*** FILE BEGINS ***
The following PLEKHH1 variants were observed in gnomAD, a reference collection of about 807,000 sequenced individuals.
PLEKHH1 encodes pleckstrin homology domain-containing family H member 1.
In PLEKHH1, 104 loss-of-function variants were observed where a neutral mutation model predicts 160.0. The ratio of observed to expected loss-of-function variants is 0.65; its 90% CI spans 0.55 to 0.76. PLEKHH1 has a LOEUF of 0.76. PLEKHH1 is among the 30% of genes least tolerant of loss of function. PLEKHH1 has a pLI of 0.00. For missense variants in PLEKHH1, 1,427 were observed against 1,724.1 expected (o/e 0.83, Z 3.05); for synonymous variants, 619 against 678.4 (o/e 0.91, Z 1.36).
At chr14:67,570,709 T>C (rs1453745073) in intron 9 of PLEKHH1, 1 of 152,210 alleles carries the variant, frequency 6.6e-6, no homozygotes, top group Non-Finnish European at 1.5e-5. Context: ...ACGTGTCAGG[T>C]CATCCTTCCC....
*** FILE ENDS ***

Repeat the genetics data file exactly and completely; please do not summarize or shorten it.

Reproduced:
The following PLEKHH1 variants were observed in gnomAD, a reference collection of about 807,000 sequenced individuals.
PLEKHH1 encodes pleckstrin homology domain-containing family H member 1.
In PLEKHH1, 104 loss-of-function variants were observed where a neutral mutation model predicts 160.0. The ratio of observed to expected loss-of-function variants is 0.65; its 90% CI spans 0.55 to 0.76. PLEKHH1 has a LOEUF of 0.76. PLEKHH1 is among the 30% of genes least tolerant of loss of function. PLEKHH1 has a pLI of 0.00. For missense variants in PLEKHH1, 1,427 were observed against 1,724.1 expected (o/e 0.83, Z 3.05); for synonymous variants, 619 against 678.4 (o/e 0.91, Z 1.36).
At chr14:67,570,709 T>C (rs1453745073) in intron 9 of PLEKHH1, 1 of 152,210 alleles carries the variant, frequency 6.6e-6, no homozygotes, top group Non-Finnish European at 1.5e-5. Context: ...ACGTGTCAGG[T>C]CATCCTTCCC....